Together with FIG. 4, an absorber arrangement results, in which the supply arrangement and the drain arrangement have a supply pipe 23, 24 and a drain pipe 25, wherein the pipes 23, 24, 25 run parallel to one another and a number of absorber spaces 54 is provided, which are arranged in at least one row 55 running between these pipes 23, 24, 25, wherein the at least one row 55 extends over the length of the pipes. Thus, advantageously generally a plurality of absorber spaces (any desired configuration) are provided, which are connected parallel between the supply and the drain arrangements.

FIG. 6 shows a cross section through a trough collector 60, with an absorber arrangement 61 according to the invention, wherein two concentrators 62 and 63 are provided, which are for example configured according to WO 2010/037 243 (which is here included by reference in the present application). The framework of the trough collector 60 is for example constructed in accordance with WO 2009/135 330.

In accordance with the two concentrators 62, 63, the absorber arrangement 61 has at least two absorber spaces 64 and 65 which extend over the length L of the absorber arrangement 61. However, it is also compliant with the invention to provide two rows of absorber spaces arranged one behind the other, analogously to the embodiments according to FIGS. 3 to 5, in which absorber spaces arranged in rows are illustrated. At this point, it may be added that it is likewise compliant with the invention to provide more than two rows of absorber spaces in an absorber arrangement in the case of trough collectors with even more mutually adjacent concentrators.

FIG. 7 shows a cross section through the absorber arrangement 61 of FIG. 6. Illustrated is a line of a supply arrangement for heat-transporting fluid, constructed as pipeline 72, a heat-exchanger arrangement 74, here with two rows, and also a pipeline of a drain arrangement for the heat-transporting fluid, which is here constructed as a collecting line and is provided with insulation 70. In the embodiment illustrated, the heat-exchanger arrangement 74 has two rows 75 of spirals 53 arranged one behind the other, as illustrated in FIG. 5. The fluid passes through the line 72 at the inlet temperature TE to the connecting pieces 57 and as a result into each coil 53, passes through the same and leaves the same via the end sections 58 of the pipeline 52 at the outlet temperature TA and thus passes into the pipeline 25 of the drain arrangement. Preferably, there are secondary concentrators 73 known to the person skilled in the art as trumpets, which run along the thermal openings 59 over the length L of the absorber arrangement 61 in a suitable manner and thus concentrate the radiation already concentrated by the concentrators 62, 63 in the transverse direction of the trough collector a second time in the transverse direction, which makes it possible to reduce the width of the thermal openings.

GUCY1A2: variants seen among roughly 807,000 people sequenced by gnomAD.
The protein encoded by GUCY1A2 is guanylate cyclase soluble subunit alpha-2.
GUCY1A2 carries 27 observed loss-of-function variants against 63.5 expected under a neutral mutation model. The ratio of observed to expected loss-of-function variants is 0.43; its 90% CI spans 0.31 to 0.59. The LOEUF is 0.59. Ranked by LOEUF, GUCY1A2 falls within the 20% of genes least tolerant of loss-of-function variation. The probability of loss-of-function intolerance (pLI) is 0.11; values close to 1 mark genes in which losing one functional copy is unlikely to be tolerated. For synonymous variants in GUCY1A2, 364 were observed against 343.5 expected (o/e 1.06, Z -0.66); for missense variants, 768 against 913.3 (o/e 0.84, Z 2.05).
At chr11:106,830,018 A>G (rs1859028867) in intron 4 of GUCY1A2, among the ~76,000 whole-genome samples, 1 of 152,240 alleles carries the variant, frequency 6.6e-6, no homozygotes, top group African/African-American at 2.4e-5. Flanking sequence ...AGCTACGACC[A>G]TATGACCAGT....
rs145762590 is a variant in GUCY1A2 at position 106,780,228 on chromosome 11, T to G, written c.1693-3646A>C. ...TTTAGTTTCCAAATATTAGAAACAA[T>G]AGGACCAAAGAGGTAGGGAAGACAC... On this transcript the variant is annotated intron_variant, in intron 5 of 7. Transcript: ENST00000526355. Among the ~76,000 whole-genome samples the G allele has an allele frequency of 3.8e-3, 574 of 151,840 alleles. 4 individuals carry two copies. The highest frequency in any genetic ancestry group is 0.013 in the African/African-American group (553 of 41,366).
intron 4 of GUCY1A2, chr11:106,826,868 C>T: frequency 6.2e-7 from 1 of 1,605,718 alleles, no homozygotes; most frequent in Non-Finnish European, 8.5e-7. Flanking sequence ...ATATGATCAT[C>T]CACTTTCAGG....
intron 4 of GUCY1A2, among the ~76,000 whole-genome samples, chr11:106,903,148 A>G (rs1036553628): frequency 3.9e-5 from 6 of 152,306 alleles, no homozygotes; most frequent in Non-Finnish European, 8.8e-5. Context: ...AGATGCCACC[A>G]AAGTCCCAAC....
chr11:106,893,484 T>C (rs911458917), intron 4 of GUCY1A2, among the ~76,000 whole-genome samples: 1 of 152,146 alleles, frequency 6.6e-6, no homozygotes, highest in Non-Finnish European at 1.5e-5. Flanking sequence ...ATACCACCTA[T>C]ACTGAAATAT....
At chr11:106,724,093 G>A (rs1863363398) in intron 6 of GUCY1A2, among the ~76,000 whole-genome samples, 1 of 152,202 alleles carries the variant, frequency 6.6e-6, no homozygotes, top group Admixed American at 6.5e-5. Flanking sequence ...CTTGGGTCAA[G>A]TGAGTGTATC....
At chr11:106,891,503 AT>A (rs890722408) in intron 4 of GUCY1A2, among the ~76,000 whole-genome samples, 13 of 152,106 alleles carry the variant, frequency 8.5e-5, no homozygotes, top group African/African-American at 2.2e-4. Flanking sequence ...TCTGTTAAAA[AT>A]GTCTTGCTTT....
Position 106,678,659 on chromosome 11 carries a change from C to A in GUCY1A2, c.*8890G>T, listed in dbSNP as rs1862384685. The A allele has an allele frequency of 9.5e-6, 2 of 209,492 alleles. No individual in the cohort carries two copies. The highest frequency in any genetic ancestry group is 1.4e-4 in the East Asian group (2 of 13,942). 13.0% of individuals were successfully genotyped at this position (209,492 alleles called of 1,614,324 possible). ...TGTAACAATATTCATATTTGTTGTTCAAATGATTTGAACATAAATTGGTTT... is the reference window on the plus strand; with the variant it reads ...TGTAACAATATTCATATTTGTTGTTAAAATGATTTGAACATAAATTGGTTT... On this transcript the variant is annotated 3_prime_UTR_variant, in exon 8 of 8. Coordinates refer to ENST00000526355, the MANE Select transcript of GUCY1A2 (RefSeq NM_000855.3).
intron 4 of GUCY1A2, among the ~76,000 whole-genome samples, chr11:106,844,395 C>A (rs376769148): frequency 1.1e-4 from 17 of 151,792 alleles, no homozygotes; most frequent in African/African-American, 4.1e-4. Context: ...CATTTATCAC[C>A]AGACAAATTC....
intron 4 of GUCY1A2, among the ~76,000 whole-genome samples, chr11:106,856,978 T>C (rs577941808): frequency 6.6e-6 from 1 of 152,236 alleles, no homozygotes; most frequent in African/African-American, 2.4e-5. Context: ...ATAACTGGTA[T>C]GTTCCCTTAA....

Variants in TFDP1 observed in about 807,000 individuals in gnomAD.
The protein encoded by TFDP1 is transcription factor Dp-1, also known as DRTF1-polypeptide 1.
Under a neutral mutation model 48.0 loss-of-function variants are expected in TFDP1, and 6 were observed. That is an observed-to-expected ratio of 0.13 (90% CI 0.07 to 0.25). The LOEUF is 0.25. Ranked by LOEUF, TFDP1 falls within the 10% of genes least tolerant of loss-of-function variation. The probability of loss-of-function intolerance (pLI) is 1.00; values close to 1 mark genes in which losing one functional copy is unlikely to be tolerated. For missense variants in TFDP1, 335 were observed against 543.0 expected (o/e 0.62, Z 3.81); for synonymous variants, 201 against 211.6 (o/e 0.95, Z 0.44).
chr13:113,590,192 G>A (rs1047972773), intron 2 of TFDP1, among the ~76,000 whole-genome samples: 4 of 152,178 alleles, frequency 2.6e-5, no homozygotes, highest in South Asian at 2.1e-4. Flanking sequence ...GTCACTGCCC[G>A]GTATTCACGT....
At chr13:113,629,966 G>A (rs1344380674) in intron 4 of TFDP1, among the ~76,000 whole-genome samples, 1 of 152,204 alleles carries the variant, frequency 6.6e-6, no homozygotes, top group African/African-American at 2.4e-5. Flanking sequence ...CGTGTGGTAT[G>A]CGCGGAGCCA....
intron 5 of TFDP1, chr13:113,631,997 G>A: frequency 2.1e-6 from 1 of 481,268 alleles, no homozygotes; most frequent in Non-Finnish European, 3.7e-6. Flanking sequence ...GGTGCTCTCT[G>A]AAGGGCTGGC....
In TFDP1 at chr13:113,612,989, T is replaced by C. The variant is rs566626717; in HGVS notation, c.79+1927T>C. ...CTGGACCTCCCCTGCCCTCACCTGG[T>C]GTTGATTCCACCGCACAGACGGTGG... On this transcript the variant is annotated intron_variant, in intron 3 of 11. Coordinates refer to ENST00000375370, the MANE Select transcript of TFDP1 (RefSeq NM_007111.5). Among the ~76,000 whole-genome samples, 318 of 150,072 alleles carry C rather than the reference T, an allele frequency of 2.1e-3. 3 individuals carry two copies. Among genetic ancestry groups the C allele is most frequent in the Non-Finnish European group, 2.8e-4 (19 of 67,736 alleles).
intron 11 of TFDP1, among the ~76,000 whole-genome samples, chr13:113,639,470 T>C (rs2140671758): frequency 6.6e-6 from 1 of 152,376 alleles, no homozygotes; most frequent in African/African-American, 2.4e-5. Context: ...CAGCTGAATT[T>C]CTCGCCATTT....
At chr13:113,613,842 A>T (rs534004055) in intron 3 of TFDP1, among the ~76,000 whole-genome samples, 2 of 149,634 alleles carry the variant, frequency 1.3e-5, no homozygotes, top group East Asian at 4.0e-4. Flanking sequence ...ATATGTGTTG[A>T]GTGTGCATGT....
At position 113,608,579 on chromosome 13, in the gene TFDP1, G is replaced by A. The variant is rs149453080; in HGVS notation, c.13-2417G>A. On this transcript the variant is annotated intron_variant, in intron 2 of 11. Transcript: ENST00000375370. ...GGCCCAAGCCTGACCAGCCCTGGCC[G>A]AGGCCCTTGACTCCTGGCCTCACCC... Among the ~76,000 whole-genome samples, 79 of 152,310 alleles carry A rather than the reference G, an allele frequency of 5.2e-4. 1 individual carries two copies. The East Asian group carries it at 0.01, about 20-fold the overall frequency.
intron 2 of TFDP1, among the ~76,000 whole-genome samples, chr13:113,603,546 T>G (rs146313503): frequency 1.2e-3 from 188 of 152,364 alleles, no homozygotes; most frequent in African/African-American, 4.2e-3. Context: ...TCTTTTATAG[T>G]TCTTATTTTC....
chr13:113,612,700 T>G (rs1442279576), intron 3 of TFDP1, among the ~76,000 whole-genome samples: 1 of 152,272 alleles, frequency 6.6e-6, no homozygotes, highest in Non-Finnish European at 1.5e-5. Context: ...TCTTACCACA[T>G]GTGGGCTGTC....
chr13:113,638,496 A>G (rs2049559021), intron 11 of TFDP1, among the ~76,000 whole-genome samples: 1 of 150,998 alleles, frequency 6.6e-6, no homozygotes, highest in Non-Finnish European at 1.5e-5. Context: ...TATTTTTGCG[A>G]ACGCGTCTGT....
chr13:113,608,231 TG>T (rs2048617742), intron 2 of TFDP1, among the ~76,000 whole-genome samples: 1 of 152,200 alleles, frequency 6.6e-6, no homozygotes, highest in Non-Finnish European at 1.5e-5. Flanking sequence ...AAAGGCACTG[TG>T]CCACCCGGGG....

Frame and structure elements 71 support the arrangement shown in the figure and can be constructed suitably in an actual case by the person skilled in the art.

In the case of an embodiment not illustrated in the figures, a number of absorber spaces lying one behind the other in a row is provided over the length of the absorber arrangement, which absorber spaces are arranged separated from one another at a distance from one another. Such an embodiment is advantageous if the radiation reflected by at least one concentrator (FIG. 1) or by a plurality of concentrators 62, 63 (FIG. 6) is concentrated longitudinally upstream of the absorber arrangement by a further arrangement of longitudinal concentrators, so that instead of a focal line region, a number of focal point regions (wherein one or a plurality of longitudinally extending rows of focal point regions are possible) are present with greater concentration.

Coils modified compared to the coils 53 shown in FIG. 5 are likewise compliant with the invention. These may for example form an elliptical or polygonal absorber space instead of a round one, or be terminated at the wall opposite the thermal opening with a simple lid in the place of the coils of the pipe 52 shown in FIG. 5. (Likewise, the absorber spaces may for example consist of one box in each case in the place of the spaces formed by lines).

Likewise compliant with the invention are coils, the axis of symmetry of which is inclined with respect to the thermal opening (and not perpendicular according to the illustration in FIG. 5), with the advantage that such coils are advantageous for a skew angle range. The skew angle is known as such to the person skilled in the art and designates the angle at which the sun falls onto the concentrator orientated towards it.

In summary, it is the case that according to the invention, the heat-exchanger arrangement and thus the at least one absorber space can be adapted and configured in terms of design in accordance with the thermodynamic requirements present in the actual case, but the heat-exchanging fluid is heated in the transverse flow to operating temperature, i.e. to the outlet temperature TA, so that the drain arrangement is fed fluid at the outlet temperature AT at the length L thereof. The person skilled in the art can combine the features explained in the above-described various embodiments depending on the requirements in the actual case, as these are not restricted to the respectively shown embodiments. Likewise, the heat-exchanger arrangement may not only be formed by pipelines, but rather also by means of another suitable construction.

Finally, it is advantageous for reasons of pressure supply and according to a further embodiment of the invention to segment the supply arrangement, wherein each segment has a connection for a fluid source. As a result, energy losses on account of the pressure drop in a long line are minimised.